Growing up in Albuquerque, there were times in which AJ Woods’ family would pack up the car and drive out into the expanse of the New Mexico desert with no clear destination or timetable. It takes a certain kind of patience to head into an uncertainty in which the pathway is can feel dry and uneventful. But along the way, with few overwhelming distractions, it’s easier to appreciate the more subtle and introspective moments that inhabit these spaces. My own experience of listening to AJ Woods’ new album The Fence is not unlike how I imagine these family road trips he took as a child. My first interactions with this collection of songs came without any prior of his music. I entered the journey blindly. With a slow, steady earth-toned landscape of acoustic instrumentation and softly brushed drums setting a calming atmosphere, Woods voice speaks out with a somber inflection. As it drifts along, The Fence steers clear of the bold and obvious in favor of a well worn dirt road with a bounty of stories within every step.
As a songwriter, Woods fits within a similar realm as Will Oldham, Neil Young and Bill Callahan. He works within the context of a deliberately paced Americana. With a dry, earnest voice, his songs may move too slow for some who might initially dismiss the music as dull or uneventful. But these are songs that grow with each listen as Woods’ carefully constructed words unfold into introspective passages, provided with emotional heft by Woods’ worn and weary delivery. And for all the subtlety, there are occasionally ripping electric guitar solos like those on “The Water” and “Gilita Creek,” which sneak up and take the songs to soaring heights without overshooting. It’s a really remarkably crafted record that takes a fair amount of listens to reveal itself in the fullest. It’s what many would call a slow burn.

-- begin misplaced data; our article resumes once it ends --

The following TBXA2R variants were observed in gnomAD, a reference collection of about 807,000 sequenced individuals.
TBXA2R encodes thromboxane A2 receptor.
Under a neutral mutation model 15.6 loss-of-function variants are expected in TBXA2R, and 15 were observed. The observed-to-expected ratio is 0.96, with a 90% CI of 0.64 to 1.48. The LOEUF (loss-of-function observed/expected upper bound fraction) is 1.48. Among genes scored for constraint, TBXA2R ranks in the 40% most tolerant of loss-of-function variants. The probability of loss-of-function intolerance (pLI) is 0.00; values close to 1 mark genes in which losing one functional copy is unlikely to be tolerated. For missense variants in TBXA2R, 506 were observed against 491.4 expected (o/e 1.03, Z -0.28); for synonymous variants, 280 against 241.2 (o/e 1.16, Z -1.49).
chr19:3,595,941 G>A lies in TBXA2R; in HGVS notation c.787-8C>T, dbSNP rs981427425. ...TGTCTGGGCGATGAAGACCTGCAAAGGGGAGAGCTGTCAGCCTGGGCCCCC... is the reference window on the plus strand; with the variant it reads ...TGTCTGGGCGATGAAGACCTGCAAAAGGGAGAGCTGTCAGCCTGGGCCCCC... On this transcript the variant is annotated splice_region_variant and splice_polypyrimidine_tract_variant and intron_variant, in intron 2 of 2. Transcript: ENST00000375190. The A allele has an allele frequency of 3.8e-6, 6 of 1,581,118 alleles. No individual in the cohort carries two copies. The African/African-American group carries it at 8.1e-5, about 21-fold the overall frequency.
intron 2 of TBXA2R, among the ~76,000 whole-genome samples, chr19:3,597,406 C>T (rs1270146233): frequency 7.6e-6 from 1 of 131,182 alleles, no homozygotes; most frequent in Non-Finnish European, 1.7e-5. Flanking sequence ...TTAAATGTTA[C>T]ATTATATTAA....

AJ Woods will be celebrating the release of his new album The Fence with a performance at the Guild Cinema in Albuquerque on Friday April 8th. For more information, head to the Facebook Event Page.
I caught up with AJ Woods to talk about The Fence, and the life that inspired it…
Let’s go to the beginning. Who were your earliest musical inspirations?
Jimi Hendrix was probably my first profound musical inspiration. I listened to as much of his music as possible. I had the American Masters PBS episode on Jimi taped to a VHS until it finally broke. I’d start and end the day with that tape. I was just as interested in the way that he spoke as I was in what he was doing with the guitar. Once my mother realized that I had an interest in music, the guitar specifically, she sort of helped me find my way to Jimi. Jimi’s version of “All Along the Watchtower” led to Dylan’s John Wesley Harding. I just went from there. I’ve been playing the guitar behind my head and with my teeth since then. Not really, but Jimi has been with me ever since, and so has my mother.
Having been born and raised in Albuquerque, what would you say has been the most significant change in the music scene of the area over the years?